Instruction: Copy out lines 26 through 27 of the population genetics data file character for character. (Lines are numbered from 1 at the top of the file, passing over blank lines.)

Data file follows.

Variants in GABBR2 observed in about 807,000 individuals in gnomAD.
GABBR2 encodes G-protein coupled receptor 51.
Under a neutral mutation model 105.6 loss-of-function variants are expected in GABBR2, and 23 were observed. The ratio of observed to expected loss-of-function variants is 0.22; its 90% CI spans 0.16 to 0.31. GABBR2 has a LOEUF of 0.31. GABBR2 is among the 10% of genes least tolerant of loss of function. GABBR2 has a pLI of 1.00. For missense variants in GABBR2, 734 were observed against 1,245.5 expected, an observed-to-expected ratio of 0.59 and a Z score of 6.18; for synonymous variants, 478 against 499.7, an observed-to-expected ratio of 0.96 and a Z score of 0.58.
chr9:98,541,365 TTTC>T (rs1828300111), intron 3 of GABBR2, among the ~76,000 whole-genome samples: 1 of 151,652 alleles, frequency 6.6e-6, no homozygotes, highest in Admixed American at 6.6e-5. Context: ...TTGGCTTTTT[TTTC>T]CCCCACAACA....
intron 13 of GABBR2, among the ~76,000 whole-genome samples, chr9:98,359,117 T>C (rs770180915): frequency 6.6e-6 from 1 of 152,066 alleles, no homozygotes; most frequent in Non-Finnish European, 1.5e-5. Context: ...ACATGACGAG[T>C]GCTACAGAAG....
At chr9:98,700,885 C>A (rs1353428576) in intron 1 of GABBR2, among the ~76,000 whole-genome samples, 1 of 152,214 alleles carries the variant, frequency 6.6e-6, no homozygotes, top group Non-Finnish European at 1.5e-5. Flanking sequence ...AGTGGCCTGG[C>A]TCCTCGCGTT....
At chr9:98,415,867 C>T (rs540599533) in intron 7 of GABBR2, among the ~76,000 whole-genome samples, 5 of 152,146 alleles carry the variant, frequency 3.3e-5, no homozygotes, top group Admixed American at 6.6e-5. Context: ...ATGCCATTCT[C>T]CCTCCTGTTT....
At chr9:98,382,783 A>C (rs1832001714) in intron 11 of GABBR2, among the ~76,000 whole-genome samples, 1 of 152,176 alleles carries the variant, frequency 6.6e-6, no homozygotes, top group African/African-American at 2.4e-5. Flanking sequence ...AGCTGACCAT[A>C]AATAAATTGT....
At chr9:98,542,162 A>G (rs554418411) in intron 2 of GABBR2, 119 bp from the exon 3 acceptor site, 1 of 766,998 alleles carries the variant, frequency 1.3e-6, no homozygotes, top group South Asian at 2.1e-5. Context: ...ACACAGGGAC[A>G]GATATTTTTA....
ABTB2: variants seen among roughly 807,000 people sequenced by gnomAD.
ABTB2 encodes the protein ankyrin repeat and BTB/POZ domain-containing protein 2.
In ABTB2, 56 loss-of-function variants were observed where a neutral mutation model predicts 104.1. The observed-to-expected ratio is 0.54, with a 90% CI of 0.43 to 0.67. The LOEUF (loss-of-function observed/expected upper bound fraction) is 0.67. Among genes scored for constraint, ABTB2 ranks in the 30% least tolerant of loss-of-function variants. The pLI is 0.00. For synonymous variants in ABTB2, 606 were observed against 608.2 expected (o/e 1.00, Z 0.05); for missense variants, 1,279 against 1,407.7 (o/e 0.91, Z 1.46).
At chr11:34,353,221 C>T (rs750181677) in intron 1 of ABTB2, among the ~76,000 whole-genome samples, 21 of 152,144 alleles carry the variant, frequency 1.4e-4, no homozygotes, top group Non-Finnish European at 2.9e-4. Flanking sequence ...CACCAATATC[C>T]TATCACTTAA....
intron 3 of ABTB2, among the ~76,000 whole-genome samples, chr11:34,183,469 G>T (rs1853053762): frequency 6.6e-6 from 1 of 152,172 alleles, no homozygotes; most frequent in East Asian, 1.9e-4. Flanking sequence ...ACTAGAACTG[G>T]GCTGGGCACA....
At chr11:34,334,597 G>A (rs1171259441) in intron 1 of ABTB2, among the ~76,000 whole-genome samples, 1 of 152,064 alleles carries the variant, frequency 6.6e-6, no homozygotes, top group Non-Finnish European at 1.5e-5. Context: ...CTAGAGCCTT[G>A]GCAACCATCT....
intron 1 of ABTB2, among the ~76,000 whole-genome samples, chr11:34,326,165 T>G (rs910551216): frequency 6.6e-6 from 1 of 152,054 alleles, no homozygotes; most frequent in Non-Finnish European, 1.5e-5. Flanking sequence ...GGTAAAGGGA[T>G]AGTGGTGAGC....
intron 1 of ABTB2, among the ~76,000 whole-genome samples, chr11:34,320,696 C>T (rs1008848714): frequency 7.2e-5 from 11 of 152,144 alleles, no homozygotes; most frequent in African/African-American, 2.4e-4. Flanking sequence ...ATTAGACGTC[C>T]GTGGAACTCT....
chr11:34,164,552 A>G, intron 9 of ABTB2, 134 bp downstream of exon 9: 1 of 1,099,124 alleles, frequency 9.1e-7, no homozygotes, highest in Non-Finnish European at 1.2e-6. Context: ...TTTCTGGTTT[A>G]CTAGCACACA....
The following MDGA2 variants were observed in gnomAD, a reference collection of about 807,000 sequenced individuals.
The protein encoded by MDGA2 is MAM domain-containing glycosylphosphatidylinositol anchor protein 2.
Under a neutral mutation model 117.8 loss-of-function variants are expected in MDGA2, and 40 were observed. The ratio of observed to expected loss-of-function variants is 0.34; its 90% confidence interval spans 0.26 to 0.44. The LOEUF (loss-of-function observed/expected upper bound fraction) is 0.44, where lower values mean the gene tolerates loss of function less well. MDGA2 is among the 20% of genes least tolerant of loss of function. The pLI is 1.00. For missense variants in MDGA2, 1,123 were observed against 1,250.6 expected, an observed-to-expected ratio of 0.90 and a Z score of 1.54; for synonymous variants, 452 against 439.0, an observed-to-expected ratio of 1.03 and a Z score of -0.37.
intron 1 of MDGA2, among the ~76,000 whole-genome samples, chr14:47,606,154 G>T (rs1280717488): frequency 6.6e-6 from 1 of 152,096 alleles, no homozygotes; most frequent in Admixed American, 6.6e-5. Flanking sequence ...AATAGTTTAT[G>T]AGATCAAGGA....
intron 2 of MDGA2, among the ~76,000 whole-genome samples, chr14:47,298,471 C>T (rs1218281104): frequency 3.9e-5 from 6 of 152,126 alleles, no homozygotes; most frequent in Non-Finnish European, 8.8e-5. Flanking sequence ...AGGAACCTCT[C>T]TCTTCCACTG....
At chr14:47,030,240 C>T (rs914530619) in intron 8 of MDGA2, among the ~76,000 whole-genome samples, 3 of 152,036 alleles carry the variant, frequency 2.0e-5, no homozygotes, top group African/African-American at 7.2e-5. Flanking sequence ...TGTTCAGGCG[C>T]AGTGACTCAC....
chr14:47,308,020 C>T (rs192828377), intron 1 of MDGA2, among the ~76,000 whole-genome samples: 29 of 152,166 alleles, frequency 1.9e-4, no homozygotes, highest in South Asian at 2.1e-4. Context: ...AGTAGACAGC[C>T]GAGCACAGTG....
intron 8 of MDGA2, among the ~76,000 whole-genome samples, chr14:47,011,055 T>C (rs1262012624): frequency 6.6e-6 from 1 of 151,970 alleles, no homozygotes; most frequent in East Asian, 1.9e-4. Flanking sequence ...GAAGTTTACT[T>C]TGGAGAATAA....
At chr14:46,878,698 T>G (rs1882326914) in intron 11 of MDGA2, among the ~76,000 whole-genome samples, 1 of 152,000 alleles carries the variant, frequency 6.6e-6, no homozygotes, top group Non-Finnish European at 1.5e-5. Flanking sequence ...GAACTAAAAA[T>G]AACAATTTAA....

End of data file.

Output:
intron 8 of MDGA2, among the ~76,000 whole-genome samples, chr14:47,011,055 T>C (rs1262012624): frequency 6.6e-6 from 1 of 151,970 alleles, no homozygotes; most frequent in East Asian, 1.9e-4. Flanking sequence ...GAAGTTTACT[T>C]TGGAGAATAA....
At chr14:46,878,698 T>G (rs1882326914) in intron 11 of MDGA2, among the ~76,000 whole-genome samples, 1 of 152,000 alleles carries the variant, frequency 6.6e-6, no homozygotes, top group Non-Finnish European at 1.5e-5. Flanking sequence ...GAACTAAAAA[T>G]AACAATTTAA....